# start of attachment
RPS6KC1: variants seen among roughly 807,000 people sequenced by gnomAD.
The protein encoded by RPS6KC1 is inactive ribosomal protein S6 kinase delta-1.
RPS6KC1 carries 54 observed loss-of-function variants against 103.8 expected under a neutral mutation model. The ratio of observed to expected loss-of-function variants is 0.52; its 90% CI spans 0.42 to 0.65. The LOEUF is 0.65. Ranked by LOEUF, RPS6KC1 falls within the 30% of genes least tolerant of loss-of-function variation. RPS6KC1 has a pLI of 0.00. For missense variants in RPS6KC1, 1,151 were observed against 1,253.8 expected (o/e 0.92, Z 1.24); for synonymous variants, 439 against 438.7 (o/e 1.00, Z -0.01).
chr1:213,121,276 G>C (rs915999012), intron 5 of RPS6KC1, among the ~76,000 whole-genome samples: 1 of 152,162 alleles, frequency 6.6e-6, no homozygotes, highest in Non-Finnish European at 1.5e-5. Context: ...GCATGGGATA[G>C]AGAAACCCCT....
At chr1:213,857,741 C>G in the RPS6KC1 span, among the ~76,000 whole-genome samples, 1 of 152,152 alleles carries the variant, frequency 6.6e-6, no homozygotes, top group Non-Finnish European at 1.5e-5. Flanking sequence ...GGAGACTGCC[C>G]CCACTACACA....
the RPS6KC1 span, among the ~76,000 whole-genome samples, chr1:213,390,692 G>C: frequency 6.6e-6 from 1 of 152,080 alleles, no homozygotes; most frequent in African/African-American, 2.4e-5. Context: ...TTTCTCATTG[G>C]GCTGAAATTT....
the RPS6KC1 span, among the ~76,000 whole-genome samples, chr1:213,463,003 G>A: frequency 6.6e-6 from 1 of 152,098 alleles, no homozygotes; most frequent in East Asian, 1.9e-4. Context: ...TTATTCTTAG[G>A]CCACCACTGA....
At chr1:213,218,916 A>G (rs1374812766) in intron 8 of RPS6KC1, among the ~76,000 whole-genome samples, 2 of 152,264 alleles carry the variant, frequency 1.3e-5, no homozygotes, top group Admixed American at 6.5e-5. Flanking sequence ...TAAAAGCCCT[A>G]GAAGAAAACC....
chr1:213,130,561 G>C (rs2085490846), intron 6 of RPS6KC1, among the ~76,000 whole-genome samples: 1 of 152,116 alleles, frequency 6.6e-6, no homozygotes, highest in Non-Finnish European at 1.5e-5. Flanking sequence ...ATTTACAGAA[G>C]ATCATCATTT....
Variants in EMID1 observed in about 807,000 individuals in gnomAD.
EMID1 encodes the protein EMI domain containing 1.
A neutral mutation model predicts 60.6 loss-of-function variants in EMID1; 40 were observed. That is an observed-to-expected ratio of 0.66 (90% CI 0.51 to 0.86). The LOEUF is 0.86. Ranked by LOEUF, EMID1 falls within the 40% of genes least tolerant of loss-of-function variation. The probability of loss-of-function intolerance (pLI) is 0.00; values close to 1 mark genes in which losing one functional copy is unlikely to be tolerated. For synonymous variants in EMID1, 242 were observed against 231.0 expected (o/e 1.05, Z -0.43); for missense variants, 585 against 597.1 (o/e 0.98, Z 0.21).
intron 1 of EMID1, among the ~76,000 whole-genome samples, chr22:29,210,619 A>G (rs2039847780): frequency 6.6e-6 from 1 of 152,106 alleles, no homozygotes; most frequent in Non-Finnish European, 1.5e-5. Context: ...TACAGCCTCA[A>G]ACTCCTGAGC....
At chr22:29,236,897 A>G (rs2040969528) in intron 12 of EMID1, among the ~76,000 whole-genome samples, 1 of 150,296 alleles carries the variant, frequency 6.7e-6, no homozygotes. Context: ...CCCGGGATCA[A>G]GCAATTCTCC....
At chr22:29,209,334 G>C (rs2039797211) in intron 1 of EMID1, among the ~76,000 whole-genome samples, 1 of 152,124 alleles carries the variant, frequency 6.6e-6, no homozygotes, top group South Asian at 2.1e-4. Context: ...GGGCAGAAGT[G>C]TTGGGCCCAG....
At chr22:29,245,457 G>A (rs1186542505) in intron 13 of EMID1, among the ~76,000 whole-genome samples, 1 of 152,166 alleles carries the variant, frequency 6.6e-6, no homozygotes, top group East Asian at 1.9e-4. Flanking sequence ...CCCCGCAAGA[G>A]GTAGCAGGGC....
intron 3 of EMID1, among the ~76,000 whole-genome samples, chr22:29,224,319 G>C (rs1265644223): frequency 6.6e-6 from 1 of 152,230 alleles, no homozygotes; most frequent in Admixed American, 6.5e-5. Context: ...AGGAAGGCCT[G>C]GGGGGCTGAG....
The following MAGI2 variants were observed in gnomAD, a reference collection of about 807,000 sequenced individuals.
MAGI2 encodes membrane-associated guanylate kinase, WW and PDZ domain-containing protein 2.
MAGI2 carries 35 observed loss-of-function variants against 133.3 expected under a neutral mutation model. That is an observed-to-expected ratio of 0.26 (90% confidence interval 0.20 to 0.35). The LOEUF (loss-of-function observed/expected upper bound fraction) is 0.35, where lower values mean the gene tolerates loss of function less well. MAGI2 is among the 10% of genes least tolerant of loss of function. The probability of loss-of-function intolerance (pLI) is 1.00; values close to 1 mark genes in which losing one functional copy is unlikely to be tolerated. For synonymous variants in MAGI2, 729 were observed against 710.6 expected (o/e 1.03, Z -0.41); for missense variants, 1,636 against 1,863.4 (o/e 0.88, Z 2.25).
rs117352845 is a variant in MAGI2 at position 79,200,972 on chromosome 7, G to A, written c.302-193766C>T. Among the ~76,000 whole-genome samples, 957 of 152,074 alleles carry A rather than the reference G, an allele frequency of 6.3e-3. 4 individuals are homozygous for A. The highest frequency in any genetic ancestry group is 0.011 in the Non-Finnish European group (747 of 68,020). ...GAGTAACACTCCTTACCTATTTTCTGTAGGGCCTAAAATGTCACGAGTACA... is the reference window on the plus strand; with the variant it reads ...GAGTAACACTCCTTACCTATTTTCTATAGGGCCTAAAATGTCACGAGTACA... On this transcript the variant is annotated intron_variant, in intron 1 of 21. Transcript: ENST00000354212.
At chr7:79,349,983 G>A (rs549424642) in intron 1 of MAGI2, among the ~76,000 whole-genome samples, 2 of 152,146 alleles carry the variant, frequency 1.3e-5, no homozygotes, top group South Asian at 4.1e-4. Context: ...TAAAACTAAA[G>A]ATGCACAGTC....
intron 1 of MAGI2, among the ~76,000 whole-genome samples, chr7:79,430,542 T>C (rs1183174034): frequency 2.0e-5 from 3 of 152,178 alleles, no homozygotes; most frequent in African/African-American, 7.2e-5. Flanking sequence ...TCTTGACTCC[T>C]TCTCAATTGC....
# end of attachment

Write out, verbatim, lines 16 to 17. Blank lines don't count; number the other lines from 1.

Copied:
At chr22:29,245,457 G>A (rs1186542505) in intron 13 of EMID1, among the ~76,000 whole-genome samples, 1 of 152,166 alleles carries the variant, frequency 6.6e-6, no homozygotes, top group East Asian at 1.9e-4. Flanking sequence ...CCCCGCAAGA[G>A]GTAGCAGGGC....
intron 3 of EMID1, among the ~76,000 whole-genome samples, chr22:29,224,319 G>C (rs1265644223): frequency 6.6e-6 from 1 of 152,230 alleles, no homozygotes; most frequent in Admixed American, 6.5e-5. Context: ...AGGAAGGCCT[G>C]GGGGGCTGAG....